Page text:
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Front Page » Business & Finance » World Trade Center Miami goes regional

World Trade Center Miami goes regional

Written by on September 15, 2015
World Trade Center Miami goes regional

The World Trade Center Miami, now in its third decade, is looking at new strategies to increase its outreach and further its mission.

“Our mission is to increase two-way trade – exports and imports,” said President Charlotte Gallogly, “and our second mission is to strengthen and increase Miami’s position as trade logistics hub of the Americas. We’ve been at it for over 20 years.”

In that time, she says, World Trade Center Miami has generated more than $3.5 billion in reported international sales – a figure arrived at by following up with every participant in its shows and special events.

“My thought process in looking for strategies to increase and enhance two-way trade is based on people, partnerships and process,” said the trade center’s chairman, Lenny Feldman. Mr. Feldman was recently chosen by the secretaries of the departments of Homeland Security and Treasury as one of 20 members of the Commercial Operations Advisory Committee to US Customs & Border Protection. The committee advises government agencies on import enforcement and procedures, export controls and the like.

“I see myself as a facilitator between public and private sectors,” Mr. Feldman said. “I’m also big on developing strategies with seasoned as well as emerging leaders, a mix of men and women with different backgrounds and ethnicities.”

He said World Trade Center Miami is looking at a four-pronged overall strategic plan for the entire region, not just Miami-Dade County. “Even if cargo goes to Port Everglades,” he said, “that will still benefit truckers here. We have to really plug in that piece.”

The first prong, he said, is developing a tactical approach to targeting additional trade. “We’ve been looking at who our current trade partners are, and where there might there be opportunities.”

“We need to develop our markets,” Ms. Gallogly said. “We’re not just going to look at the existing trade centers in a country, but also at secondary and tertiary markets – cities with populations of 1 million or more.”

Fifteen of South Florida’s top 20 trade partners are in the Americas, which comes as no surprise, Mr. Feldman said, “but we are looking not only vertically, north to south, but also horizontally, to Europe and Asia, to see whether there are any trade barriers, but also looking at regulations being implemented by government agencies.”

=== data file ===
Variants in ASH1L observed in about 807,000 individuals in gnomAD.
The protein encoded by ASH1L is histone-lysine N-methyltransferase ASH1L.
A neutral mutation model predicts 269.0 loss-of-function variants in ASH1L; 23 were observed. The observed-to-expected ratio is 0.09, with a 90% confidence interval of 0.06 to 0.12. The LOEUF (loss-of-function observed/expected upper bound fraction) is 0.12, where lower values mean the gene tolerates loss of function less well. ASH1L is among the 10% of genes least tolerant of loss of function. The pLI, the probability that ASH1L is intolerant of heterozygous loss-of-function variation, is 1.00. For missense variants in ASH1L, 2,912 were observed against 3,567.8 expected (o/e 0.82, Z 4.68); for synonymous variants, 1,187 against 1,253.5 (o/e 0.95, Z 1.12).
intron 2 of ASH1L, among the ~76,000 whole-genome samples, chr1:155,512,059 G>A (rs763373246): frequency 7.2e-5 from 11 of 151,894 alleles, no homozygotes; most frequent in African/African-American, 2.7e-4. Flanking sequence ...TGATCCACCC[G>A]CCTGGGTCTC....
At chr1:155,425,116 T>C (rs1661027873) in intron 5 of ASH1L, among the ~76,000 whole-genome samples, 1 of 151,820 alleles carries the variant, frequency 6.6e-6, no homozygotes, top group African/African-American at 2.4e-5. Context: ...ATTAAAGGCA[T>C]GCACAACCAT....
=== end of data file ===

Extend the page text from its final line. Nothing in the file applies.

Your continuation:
Business etiquette also comes into play.

“One thing that is very important,” he said, “is that we have to roll out the red carpet for individuals considering doing trade in South Florida. Trade delegates are treated like royalty in Asia. Are we returning that courtesy when they come here?”

The second prong, Mr. Feldman said, is the implementation of a Trade & Logistics Assistance Center to guide and advise fledgling and growing companies wanting to get into international trade.

“We will use our expertise within World Trade Center Miami,” he said, “to provide introductions, recommendations of agents and distributors, customized training, market research, customs and legal advice – even go with them on trade missions if they wish.

“By doing that, I believe companies around the world will see that South Florida is serious about being the trade and logistics hub of the Americas.”

Said Ms. Gallogly, “We know the right people who are capable, competent and honest, and we can put you in touch with them.”

Mr. Feldman said the assistance center is ramping up for a launch in early 2016.

Third, he said, is to invigorate the trade shows World Trade Center Miami stages.

“We are trying to bring in both public and private sectors to address cutting-edge strategies,” Mr. Feldman said, “and see what we are missing. For example, do we want to look at other industries such as pharmaceuticals or apparel?

“For the Air Cargo & Sea Cargo Americas Show, we’re looking at ways of developing trade expertise in high schools, colleges and universities to build the next generation of supply chain leaders.”

The trade center skipped a year in its annual State of the Ports event to re-engineer it, Mr. Feldman said, “but everyone is on board to have one in 2016. We are looking at different options, such as having it be regional and national in focus, while still highlighting Miami-Dade County.”

Finally, there’s the question of a new home for World Trade Center Miami. “Right now,” Mr. Feldman said, “the clarion call is to increase and enhance two-way trade. The real estate will follow.

“If we are to be a global trade and logistics center, I feel strongly about being located in an iconic building where we can hold meetings and strategy sessions.”

All options – new buildings or retrofitted, anywhere in Miami-Dade – are on the table right now, he said, “but wherever we are housed, we need to be able to have prominent signage, because that is consistent with the license we have from World Trade Centers Association.

“We are very attuned to new development that is emerging here. There’s a lot of exciting opportunities. We know of several serial world-trade-center developers across the globe who are very interested in Miami.”